Facebook Marketing Gone Awry – A Tale of Venom and Hate

Facebook needs to do a lot more to stop hate speech, especially hate speech attacking marginalized communities.

Time for me to rant a little.

This will probably be my last blog I pay to promote on my business Facebook.  Why?  Part of my marketing budget goes toward promoting my diversity blogs on Facebook, but now I am increasingly being bombarded by hate – which Facebook refuses to acknowledge or dialogue with me about. Perhaps this blog and my story of Facebook and hate will be read by some Facebook professionals who will want to engage with me and see if this can be fixed… I do have some positive, constructive suggestions.

Let me explain the situation.

I am a diversity consultant and trainer and write 2-3 blogs per month on a variety of topics. They include addressing racism, the value of diversity, being an ally, supporting the LGBTQ community, hiring veterans, addressing Islamaphobia and more. Then I write a one or two sentence summary with a link and pay Facebook to push the ad to people interested in these particular topics.

Now here is the issue … when I specify that I want a blog summary and link targeted to people interested in anti-racism, or the LGBTQ community, or diversity trainers for example, I am trying to appeal to people who are interested in those topics with a desire to learn or find resources. But the Facebook algorithm pushes the ad to all people who have commented or engaged around those topics, including those who write nasty comments about those topics.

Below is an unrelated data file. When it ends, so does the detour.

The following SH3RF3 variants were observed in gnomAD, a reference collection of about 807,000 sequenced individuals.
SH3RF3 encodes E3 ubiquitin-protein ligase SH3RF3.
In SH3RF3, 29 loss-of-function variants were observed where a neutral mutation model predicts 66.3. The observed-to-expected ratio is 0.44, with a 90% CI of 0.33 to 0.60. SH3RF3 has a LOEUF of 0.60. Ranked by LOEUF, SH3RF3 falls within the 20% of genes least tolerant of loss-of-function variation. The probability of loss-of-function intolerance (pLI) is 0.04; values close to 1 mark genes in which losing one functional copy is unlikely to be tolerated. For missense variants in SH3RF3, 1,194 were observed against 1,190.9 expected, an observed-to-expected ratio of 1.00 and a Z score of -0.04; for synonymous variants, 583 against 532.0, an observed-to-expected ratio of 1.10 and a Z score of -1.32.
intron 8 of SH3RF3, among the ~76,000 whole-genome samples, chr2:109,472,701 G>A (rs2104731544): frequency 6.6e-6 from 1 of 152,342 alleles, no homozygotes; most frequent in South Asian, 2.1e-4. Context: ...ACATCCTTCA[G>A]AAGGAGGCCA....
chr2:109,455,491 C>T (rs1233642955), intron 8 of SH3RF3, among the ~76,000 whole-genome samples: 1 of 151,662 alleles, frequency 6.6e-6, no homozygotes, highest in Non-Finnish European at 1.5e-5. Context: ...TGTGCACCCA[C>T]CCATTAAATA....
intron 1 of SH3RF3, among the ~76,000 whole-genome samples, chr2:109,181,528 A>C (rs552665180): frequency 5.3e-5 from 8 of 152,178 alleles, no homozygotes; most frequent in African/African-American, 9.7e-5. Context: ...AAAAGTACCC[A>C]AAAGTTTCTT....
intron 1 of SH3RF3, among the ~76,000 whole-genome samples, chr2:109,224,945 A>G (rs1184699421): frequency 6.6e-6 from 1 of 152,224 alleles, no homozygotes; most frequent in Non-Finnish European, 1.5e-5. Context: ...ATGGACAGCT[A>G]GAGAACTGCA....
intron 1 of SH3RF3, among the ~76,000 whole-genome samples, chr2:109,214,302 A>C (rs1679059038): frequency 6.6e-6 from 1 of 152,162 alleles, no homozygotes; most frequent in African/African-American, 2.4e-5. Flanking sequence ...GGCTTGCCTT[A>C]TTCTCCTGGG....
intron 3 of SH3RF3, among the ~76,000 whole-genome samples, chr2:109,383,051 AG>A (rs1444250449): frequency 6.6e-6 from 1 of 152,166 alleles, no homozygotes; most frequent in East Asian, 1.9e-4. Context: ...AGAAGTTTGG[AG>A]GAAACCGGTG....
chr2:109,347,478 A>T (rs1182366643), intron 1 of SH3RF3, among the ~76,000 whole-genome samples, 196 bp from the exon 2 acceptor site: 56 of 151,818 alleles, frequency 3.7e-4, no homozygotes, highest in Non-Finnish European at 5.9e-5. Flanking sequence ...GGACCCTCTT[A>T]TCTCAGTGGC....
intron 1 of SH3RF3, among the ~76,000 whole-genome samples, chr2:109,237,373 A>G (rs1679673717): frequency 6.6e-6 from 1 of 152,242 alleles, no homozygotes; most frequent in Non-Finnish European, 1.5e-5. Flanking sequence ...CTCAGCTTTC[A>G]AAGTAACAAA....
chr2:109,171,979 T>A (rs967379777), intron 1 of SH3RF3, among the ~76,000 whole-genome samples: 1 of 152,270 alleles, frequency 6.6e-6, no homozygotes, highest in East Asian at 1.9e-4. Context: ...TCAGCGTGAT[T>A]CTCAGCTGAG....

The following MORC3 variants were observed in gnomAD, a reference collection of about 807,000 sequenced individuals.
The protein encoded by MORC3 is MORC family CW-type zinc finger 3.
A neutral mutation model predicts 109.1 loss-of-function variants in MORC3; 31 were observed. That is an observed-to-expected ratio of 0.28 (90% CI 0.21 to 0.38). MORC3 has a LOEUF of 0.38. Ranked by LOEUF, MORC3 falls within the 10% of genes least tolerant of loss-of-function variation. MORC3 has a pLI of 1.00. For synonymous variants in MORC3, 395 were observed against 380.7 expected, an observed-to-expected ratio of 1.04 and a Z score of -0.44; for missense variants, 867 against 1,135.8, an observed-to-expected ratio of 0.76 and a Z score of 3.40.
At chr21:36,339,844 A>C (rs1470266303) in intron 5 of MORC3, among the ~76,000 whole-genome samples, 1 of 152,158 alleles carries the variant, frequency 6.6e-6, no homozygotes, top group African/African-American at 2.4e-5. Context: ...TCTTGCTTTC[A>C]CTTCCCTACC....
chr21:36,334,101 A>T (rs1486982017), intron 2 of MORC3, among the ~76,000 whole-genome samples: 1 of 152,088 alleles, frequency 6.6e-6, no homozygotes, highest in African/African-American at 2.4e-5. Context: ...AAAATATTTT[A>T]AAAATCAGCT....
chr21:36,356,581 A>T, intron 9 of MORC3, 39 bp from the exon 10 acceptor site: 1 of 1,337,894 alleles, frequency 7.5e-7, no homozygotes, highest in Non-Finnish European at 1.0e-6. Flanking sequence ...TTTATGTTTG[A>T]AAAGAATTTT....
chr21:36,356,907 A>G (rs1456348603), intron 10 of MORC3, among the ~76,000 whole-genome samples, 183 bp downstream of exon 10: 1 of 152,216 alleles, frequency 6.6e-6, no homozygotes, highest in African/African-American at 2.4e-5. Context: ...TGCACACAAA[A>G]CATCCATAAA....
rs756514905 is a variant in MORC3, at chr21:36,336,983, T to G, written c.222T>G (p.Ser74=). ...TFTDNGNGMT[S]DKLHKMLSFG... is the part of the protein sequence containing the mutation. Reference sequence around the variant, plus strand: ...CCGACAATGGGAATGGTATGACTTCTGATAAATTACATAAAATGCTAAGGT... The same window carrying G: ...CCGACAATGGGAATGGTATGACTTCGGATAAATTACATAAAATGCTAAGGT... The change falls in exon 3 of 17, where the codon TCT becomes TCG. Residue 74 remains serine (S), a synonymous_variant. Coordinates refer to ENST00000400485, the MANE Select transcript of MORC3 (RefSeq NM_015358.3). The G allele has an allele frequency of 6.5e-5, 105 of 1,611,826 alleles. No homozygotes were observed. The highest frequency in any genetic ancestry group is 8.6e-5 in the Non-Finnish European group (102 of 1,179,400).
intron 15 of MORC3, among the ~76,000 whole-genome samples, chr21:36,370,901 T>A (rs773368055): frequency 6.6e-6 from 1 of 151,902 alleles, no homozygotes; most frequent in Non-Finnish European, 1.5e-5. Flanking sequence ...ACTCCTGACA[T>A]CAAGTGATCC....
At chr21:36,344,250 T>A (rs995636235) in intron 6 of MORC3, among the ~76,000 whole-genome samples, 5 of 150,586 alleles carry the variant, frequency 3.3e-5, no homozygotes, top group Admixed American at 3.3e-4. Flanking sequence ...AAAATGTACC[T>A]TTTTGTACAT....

Now whenever I promote a blog on a diversity topic, I often receive 20 – 30 comments, 95% of them nasty and hateful. A small handful voice disagreement in a respectful way that encourages a dialogue, but a vast majority are hateful nasty comments about the group I am writing about, or personal attacks telling me I can go to a certain very hot place, or to copulate with myself (I assume you get the drift.)

Why are there so many toxic people who only want to spread poison everywhere?

Some of these comments are truly over the top. Examples:
• When one young gay man who got fired from his job for being gay  found my blog encouraging, another reader called him a faggot who deserved to be fired, and should go to hell. (I reported this to Facebook and they replied this did NOT violate their community standards.)
• In response to a blog fighting Islamaphobia, someone posted a photo of an Arab holding a severed baby head declaring that the intent of all Muslims in the US was to kill our children.
• One women summarily declaring that transgender people are all mentally ill.

Often I will check the Facebook feed of the individuals who write this stuff, and normally 80% of their feeds are nasty hateful attacks of people who are not like them. Their Facebook feeds are full of hate, nastiness and poison.

Sadly, having diverse people who may read my posts, but then see these harmful nasty comments before I get a chance to remove them, may cause more harm than good, so I think I will stop using Facebook marketing. I have tried to engage Facebook on this issue, and I even have some suggestions in how to fix and address this, but Facebook refuses to engage with me.  We really do need a safe space for nurturing forums for marginalized communities void of hate and attacks.

Thanks for listening to and reading this rant.


Introducing a cool new organization: “Gay Sons and Mothers” and founder Rick Miller!

I got introduced to “Gay Sons and Mothers” through my friendship with out Olympian figure skater Adam Rippon and his mother Kelly.

As a diversity consultant and trainer with several areas of deep expertise including LGBTQ+, I always enjoy discovering new groups that are doing innovative work within the diversity and inclusion space. And recently I discovered this unique organization focusing on the relationships between gay sons and their mothers. I thank Kelly Rippon, mother of Olympian figure skater Adam Rippon, who invited me to a webinar discussion on her new book “Parent Up,” with Gay Sons and Mothers’ founder Rick Miller. Please enjoy this brief introductory interview I recently had with Rick: